Global oil supplies are expected to remain tight through 2008 as demand grows "much faster" than the world's major oil producers are able, or willing, to boost their petroleum output, the U.S. government's top energy forecasting agency said Tuesday.
The collective oil inventories held by the United States and other industrialized countries will drop to just 49.3 days of expected supply needs by next February, the smallest inventory buffer since December 2004, the U.S. Energy Information Administration said in its new forecast.
"The oil balance outlook remains characterized by rising consumption, modest growth in non-OPEC supply, fairly low surplus (oil production) capacity and continuing risks of supply disruptions in a number of major producing nations," the Energy Department's analytical arm said.
"Expectations that tight market conditions will persist into 2008 are keeping oil prices high," the EIA said.
The agency said the Organization of Petroleum Exporting Countries (OPEC) could offset the upward pressure on prices with much more supply, but the producer group decided last week to maintain existing output levels because it believes the global oil market is well-supplied.
The agency sees OPEC output rising 400,000 barrels per day from the fourth quarter to 31.6 million bpd in the upcoming first quarter and then averaging 31.7 million bpd for next year.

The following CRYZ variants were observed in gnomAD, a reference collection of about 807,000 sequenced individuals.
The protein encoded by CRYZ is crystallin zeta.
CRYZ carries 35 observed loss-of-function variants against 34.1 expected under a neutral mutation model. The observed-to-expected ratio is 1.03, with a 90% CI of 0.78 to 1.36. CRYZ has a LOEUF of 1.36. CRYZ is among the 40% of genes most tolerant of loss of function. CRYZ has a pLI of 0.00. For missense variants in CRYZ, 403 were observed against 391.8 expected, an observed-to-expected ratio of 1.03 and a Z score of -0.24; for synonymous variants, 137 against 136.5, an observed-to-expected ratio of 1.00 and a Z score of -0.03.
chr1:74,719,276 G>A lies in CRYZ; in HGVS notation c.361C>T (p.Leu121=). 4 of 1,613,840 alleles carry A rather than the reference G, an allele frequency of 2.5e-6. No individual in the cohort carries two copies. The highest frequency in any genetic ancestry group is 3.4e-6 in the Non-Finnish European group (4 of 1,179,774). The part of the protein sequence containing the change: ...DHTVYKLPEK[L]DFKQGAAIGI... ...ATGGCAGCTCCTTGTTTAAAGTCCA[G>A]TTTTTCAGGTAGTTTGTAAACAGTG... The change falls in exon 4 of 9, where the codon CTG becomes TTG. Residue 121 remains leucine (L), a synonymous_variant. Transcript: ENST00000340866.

"Even with the additional OPEC production expected next year, (industrialized nations') commercial inventories would remain in the low end of the 5-year range in 2008," the EIA said.
OPEC decided in September to boost output beginning on Nov. 1, but EIA chief Guy Caruso told Congress Tuesday the extra oil likely will not "be enough to halt the downward trend in commercial inventories over the next several months."
The lack of significant additional OPEC supplies will help increase the average price for U.S. oil in 2008 to nearly $85 a barrel, up from $72 this year and $66 last year, Caruso said.
With oil accounting for more than half the cost of making motor fuels, consumers will suffer at the pump as a result.
"Both motor gasoline and diesel prices are projected to average well over $3 per gallon in 2008, with gasoline prices peaking at over (a record) $3.40 per gallon next spring," the EIA said in its forecast.
The current all-time high national price for gasoline is $3.22 a gallon, set last May. The average U.S. pump price is now at a 6-week low of $3 a gallon.
Homeowners in the U.S. Northeast will also pay much more for winter heating oil than previously expected. The EIA revised upward its price forecast for the region, with the average household paying $2,012 in heating oil costs, up 34 percent from last winter.
The EIA said its forecast assumes a mild slowdown in world economic growth, but the side benefit of a worsening U.S. mortgage and credit market crisis would be less oil use and lower energy costs.
"The major downside risk remains the possibility of a sharper-than-expected economic slowdown brought on by the fallout from the unsettled financial markets, which would dampen oil demand and ease oil price pressures," the EIA said.